Alaska ( /əˈlæskə/ (help·info)) is the largest state of the United States of America by area; it is situated in the northwest extremity of the North American continent, with Canada to the east, the Arctic Ocean to the north, and the Pacific Ocean to the west and south, with Russia further west across the Bering Strait. Approximately half of Alaska's 683,478 residents reside within the Anchorage metropolitan area. As of 2007, Alaska remains the least densely populated state of the U.S.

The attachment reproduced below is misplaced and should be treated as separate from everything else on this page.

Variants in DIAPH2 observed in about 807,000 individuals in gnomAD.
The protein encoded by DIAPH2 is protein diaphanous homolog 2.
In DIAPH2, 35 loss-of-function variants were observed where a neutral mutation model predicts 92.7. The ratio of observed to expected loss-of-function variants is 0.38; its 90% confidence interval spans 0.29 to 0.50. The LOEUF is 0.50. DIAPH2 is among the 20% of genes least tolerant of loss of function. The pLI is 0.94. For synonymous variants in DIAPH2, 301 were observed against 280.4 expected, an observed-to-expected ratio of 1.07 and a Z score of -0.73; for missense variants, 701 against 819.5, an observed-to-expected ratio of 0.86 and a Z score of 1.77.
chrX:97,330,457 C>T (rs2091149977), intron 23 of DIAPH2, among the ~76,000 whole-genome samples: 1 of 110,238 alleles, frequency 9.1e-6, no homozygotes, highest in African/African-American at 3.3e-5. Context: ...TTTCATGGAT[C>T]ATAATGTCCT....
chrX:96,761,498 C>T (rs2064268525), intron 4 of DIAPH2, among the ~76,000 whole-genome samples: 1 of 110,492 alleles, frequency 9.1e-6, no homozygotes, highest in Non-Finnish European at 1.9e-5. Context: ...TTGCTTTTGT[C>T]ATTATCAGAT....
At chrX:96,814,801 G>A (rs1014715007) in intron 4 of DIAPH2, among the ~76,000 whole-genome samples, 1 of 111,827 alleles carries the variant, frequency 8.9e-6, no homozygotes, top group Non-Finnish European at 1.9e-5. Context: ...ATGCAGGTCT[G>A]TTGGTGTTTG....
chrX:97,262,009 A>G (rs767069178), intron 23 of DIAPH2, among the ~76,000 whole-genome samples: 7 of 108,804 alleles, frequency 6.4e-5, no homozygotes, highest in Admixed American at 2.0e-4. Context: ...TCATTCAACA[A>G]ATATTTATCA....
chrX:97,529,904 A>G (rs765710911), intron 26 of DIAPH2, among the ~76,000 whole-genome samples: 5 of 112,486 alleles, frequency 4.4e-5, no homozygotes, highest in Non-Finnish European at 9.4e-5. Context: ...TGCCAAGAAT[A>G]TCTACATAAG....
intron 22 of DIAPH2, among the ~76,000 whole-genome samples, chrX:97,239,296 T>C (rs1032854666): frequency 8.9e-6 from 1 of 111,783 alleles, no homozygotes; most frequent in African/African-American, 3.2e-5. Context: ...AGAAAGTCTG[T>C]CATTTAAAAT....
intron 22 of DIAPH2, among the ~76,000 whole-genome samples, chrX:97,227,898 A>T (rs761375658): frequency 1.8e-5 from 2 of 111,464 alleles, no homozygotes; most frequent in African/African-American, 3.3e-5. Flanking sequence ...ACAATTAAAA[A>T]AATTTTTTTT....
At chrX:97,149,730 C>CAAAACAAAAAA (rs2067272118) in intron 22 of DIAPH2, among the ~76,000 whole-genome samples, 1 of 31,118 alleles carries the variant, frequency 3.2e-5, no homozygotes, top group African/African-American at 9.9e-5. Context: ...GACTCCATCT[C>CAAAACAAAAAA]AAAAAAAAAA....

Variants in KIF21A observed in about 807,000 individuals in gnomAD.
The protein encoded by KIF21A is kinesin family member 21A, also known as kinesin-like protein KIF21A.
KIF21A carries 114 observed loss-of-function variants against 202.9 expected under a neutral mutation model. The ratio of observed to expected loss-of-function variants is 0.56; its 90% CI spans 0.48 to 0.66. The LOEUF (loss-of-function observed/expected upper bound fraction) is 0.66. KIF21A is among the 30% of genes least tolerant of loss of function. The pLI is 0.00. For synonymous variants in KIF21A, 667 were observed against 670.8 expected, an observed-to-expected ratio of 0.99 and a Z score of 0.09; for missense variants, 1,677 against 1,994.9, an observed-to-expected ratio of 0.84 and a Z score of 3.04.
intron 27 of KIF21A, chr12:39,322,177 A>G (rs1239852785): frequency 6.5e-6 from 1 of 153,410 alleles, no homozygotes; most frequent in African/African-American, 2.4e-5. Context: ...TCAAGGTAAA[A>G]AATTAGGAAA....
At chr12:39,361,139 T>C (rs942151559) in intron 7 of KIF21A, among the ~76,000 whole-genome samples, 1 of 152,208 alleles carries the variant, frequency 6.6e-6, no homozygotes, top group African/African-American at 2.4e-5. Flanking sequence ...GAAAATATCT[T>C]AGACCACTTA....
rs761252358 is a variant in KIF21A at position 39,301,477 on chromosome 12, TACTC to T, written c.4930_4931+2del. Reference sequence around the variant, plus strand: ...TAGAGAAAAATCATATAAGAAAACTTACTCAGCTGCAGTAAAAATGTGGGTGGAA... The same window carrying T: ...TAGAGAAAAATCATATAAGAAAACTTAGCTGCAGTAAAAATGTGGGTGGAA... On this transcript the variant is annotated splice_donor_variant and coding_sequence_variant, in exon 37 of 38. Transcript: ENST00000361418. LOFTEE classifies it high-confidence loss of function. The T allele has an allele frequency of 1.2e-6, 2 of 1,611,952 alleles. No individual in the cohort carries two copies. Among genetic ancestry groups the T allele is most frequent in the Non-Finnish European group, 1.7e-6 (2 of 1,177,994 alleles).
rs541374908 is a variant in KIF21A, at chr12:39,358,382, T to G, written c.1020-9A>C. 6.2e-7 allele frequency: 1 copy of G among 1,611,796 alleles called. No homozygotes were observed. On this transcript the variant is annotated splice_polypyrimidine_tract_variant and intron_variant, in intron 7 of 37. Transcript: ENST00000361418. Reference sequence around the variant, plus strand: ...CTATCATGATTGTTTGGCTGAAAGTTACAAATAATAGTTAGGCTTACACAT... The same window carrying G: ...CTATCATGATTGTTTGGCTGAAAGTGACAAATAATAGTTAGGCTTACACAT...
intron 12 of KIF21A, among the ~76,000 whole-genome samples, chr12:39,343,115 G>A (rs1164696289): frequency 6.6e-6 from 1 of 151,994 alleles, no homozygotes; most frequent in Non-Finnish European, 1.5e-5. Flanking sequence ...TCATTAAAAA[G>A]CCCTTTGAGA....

The U.S. Senate approved the purchase of Alaska from the Russian Empire on March 30, 1867, for $7.2 million at two cents per acre, about five cents per hectare. The land went through several administrative changes before becoming an organized territory on May 11, 1912 and the 49th state of the U.S. on January 3, 1959. The name "Alaska" was already introduced in the Russian colonial time, when it was used only for the peninsula and is derived from the Aleut alaxsxaq, meaning "the mainland" or more literally, "the object towards which the action of the sea is directed." It is also known as Alyeska, the "great land," an Aleut word derived from the same root.